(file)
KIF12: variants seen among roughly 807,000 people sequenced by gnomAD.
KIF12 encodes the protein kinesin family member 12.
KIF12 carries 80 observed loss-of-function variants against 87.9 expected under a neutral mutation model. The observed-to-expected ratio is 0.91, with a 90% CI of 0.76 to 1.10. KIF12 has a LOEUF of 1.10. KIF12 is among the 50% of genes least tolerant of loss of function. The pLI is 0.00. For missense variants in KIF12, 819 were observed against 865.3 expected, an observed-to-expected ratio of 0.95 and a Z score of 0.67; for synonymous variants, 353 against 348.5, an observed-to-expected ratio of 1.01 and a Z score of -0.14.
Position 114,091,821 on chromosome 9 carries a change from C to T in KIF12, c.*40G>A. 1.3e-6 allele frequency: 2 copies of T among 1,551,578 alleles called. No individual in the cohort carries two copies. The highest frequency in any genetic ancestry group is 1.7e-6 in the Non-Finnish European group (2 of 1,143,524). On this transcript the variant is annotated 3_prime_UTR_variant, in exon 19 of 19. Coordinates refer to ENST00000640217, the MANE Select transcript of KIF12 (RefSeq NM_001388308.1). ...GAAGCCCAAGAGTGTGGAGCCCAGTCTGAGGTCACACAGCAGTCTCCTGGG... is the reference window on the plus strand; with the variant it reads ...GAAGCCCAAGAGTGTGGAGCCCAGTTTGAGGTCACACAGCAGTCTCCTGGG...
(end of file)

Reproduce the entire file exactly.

KIF12: variants seen among roughly 807,000 people sequenced by gnomAD.
KIF12 encodes the protein kinesin family member 12.
KIF12 carries 80 observed loss-of-function variants against 87.9 expected under a neutral mutation model. The observed-to-expected ratio is 0.91, with a 90% CI of 0.76 to 1.10. KIF12 has a LOEUF of 1.10. KIF12 is among the 50% of genes least tolerant of loss of function. The pLI is 0.00. For missense variants in KIF12, 819 were observed against 865.3 expected, an observed-to-expected ratio of 0.95 and a Z score of 0.67; for synonymous variants, 353 against 348.5, an observed-to-expected ratio of 1.01 and a Z score of -0.14.
Position 114,091,821 on chromosome 9 carries a change from C to T in KIF12, c.*40G>A. 1.3e-6 allele frequency: 2 copies of T among 1,551,578 alleles called. No individual in the cohort carries two copies. The highest frequency in any genetic ancestry group is 1.7e-6 in the Non-Finnish European group (2 of 1,143,524). On this transcript the variant is annotated 3_prime_UTR_variant, in exon 19 of 19. Coordinates refer to ENST00000640217, the MANE Select transcript of KIF12 (RefSeq NM_001388308.1). ...GAAGCCCAAGAGTGTGGAGCCCAGTCTGAGGTCACACAGCAGTCTCCTGGG... is the reference window on the plus strand; with the variant it reads ...GAAGCCCAAGAGTGTGGAGCCCAGTTTGAGGTCACACAGCAGTCTCCTGGG...